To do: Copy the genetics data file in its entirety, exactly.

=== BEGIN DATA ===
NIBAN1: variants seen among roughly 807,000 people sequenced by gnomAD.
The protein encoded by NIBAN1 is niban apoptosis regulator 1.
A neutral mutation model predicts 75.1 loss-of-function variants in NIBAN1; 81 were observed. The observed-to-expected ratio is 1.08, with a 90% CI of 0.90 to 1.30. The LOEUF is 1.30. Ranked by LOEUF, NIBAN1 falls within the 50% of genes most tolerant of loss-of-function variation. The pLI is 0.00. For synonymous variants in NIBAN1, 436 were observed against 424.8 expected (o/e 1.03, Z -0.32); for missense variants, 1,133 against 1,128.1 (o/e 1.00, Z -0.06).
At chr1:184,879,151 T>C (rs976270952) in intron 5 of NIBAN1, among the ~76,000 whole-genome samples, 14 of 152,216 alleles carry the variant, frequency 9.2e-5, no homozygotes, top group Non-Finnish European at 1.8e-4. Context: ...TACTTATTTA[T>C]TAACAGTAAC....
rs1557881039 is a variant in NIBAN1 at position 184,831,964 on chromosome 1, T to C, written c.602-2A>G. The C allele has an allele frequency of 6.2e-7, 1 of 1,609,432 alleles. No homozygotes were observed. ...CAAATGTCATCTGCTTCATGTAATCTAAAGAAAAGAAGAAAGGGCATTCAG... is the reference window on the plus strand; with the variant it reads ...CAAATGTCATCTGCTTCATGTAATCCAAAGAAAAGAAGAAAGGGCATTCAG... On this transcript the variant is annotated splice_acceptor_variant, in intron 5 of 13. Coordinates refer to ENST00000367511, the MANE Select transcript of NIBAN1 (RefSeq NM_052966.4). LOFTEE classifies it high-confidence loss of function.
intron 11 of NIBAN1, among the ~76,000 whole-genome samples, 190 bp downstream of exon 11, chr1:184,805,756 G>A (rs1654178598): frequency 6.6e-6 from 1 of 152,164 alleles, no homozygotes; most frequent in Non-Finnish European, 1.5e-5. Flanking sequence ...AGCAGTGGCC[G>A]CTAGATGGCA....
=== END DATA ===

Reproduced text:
NIBAN1: variants seen among roughly 807,000 people sequenced by gnomAD.
The protein encoded by NIBAN1 is niban apoptosis regulator 1.
A neutral mutation model predicts 75.1 loss-of-function variants in NIBAN1; 81 were observed. The observed-to-expected ratio is 1.08, with a 90% CI of 0.90 to 1.30. The LOEUF is 1.30. Ranked by LOEUF, NIBAN1 falls within the 50% of genes most tolerant of loss-of-function variation. The pLI is 0.00. For synonymous variants in NIBAN1, 436 were observed against 424.8 expected (o/e 1.03, Z -0.32); for missense variants, 1,133 against 1,128.1 (o/e 1.00, Z -0.06).
At chr1:184,879,151 T>C (rs976270952) in intron 5 of NIBAN1, among the ~76,000 whole-genome samples, 14 of 152,216 alleles carry the variant, frequency 9.2e-5, no homozygotes, top group Non-Finnish European at 1.8e-4. Context: ...TACTTATTTA[T>C]TAACAGTAAC....
rs1557881039 is a variant in NIBAN1 at position 184,831,964 on chromosome 1, T to C, written c.602-2A>G. The C allele has an allele frequency of 6.2e-7, 1 of 1,609,432 alleles. No homozygotes were observed. ...CAAATGTCATCTGCTTCATGTAATCTAAAGAAAAGAAGAAAGGGCATTCAG... is the reference window on the plus strand; with the variant it reads ...CAAATGTCATCTGCTTCATGTAATCCAAAGAAAAGAAGAAAGGGCATTCAG... On this transcript the variant is annotated splice_acceptor_variant, in intron 5 of 13. Coordinates refer to ENST00000367511, the MANE Select transcript of NIBAN1 (RefSeq NM_052966.4). LOFTEE classifies it high-confidence loss of function.
intron 11 of NIBAN1, among the ~76,000 whole-genome samples, 190 bp downstream of exon 11, chr1:184,805,756 G>A (rs1654178598): frequency 6.6e-6 from 1 of 152,164 alleles, no homozygotes; most frequent in Non-Finnish European, 1.5e-5. Flanking sequence ...AGCAGTGGCC[G>A]CTAGATGGCA....